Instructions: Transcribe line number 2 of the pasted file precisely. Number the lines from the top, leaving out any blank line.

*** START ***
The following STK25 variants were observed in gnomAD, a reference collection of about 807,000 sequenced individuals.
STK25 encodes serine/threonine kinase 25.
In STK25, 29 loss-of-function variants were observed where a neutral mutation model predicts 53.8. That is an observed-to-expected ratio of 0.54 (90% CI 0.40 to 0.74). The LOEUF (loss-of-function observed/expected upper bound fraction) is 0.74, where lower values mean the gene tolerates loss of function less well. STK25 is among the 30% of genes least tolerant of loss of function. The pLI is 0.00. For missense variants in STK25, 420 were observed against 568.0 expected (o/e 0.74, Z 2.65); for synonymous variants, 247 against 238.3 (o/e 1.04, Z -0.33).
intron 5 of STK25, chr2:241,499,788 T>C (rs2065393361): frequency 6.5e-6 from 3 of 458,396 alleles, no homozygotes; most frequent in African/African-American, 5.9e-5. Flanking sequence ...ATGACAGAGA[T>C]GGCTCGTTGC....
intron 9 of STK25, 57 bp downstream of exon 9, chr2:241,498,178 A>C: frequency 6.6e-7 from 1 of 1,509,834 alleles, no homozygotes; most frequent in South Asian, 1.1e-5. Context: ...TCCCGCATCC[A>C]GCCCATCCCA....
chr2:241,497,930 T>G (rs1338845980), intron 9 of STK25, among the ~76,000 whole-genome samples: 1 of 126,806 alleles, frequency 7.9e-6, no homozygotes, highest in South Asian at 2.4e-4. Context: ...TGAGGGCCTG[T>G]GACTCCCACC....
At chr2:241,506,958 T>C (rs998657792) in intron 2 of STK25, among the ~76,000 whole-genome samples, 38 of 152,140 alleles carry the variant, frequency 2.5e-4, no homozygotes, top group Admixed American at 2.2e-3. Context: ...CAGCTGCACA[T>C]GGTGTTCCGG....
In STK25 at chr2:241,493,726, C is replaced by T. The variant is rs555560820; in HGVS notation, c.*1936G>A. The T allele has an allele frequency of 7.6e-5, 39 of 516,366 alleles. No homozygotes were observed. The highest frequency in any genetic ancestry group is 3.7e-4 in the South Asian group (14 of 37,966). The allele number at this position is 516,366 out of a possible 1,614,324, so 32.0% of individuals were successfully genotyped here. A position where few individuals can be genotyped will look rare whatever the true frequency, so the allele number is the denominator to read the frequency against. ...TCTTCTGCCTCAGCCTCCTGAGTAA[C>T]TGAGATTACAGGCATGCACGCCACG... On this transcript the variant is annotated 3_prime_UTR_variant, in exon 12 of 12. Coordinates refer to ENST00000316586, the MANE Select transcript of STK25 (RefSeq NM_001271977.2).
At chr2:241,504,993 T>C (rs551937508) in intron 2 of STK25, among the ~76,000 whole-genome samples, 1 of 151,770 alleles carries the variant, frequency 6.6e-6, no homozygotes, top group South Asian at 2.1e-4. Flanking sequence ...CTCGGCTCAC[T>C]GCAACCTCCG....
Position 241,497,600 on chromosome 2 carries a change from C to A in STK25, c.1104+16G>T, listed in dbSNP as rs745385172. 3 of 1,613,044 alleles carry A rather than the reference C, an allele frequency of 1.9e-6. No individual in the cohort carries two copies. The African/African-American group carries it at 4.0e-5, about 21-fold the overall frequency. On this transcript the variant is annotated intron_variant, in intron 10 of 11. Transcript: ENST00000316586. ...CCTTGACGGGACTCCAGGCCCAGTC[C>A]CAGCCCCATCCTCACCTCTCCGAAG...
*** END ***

STK25 encodes serine/threonine kinase 25.